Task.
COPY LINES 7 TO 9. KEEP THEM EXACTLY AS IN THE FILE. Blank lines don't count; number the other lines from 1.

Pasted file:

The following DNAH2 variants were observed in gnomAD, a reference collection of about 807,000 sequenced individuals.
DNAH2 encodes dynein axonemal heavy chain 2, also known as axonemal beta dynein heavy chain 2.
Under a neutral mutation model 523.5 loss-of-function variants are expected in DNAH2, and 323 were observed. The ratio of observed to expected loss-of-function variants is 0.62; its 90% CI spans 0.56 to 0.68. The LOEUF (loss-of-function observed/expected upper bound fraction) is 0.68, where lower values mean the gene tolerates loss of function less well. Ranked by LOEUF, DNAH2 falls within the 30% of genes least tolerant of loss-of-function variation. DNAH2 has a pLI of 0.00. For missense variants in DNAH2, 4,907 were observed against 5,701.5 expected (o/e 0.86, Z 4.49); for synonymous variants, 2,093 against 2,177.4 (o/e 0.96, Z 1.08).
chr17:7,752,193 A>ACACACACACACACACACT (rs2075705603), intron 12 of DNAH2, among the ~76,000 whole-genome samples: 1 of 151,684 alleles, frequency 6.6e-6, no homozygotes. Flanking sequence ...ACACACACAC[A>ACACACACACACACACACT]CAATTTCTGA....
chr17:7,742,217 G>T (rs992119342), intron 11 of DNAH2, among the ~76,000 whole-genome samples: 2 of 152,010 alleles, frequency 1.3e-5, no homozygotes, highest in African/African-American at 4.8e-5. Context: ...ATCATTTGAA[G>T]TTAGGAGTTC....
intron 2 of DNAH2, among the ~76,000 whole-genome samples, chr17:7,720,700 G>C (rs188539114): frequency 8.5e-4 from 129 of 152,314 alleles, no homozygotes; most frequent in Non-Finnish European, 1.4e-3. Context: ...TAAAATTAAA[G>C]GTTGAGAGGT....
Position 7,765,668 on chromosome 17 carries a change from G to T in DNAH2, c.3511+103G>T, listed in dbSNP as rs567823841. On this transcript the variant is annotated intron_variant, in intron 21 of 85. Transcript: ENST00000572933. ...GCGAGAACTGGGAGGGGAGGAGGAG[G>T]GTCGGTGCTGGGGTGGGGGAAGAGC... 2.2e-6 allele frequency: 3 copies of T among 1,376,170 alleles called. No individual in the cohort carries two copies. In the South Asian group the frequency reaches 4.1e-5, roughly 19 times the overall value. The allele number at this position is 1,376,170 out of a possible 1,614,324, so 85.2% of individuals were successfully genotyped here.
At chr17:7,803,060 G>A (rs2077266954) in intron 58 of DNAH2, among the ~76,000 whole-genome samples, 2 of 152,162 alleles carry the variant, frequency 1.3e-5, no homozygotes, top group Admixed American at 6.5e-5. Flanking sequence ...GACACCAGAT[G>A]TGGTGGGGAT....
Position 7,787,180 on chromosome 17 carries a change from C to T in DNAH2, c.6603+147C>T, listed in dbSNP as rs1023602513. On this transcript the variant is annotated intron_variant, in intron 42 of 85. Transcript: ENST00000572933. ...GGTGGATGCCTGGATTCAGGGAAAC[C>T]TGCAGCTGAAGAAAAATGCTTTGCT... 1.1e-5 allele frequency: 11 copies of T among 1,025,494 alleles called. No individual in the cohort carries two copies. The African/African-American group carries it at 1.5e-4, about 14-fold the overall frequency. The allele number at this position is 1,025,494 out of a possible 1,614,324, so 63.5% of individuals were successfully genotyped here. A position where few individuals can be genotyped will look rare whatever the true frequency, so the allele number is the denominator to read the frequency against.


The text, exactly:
Position 7,765,668 on chromosome 17 carries a change from G to T in DNAH2, c.3511+103G>T, listed in dbSNP as rs567823841. On this transcript the variant is annotated intron_variant, in intron 21 of 85. Transcript: ENST00000572933. ...GCGAGAACTGGGAGGGGAGGAGGAG[G>T]GTCGGTGCTGGGGTGGGGGAAGAGC... 2.2e-6 allele frequency: 3 copies of T among 1,376,170 alleles called. No individual in the cohort carries two copies. In the South Asian group the frequency reaches 4.1e-5, roughly 19 times the overall value. The allele number at this position is 1,376,170 out of a possible 1,614,324, so 85.2% of individuals were successfully genotyped here.
At chr17:7,803,060 G>A (rs2077266954) in intron 58 of DNAH2, among the ~76,000 whole-genome samples, 2 of 152,162 alleles carry the variant, frequency 1.3e-5, no homozygotes, top group Admixed American at 6.5e-5. Flanking sequence ...GACACCAGAT[G>A]TGGTGGGGAT....
Position 7,787,180 on chromosome 17 carries a change from C to T in DNAH2, c.6603+147C>T, listed in dbSNP as rs1023602513. On this transcript the variant is annotated intron_variant, in intron 42 of 85. Transcript: ENST00000572933. ...GGTGGATGCCTGGATTCAGGGAAAC[C>T]TGCAGCTGAAGAAAAATGCTTTGCT... 1.1e-5 allele frequency: 11 copies of T among 1,025,494 alleles called. No individual in the cohort carries two copies. The African/African-American group carries it at 1.5e-4, about 14-fold the overall frequency. The allele number at this position is 1,025,494 out of a possible 1,614,324, so 63.5% of individuals were successfully genotyped here. A position where few individuals can be genotyped will look rare whatever the true frequency, so the allele number is the denominator to read the frequency against.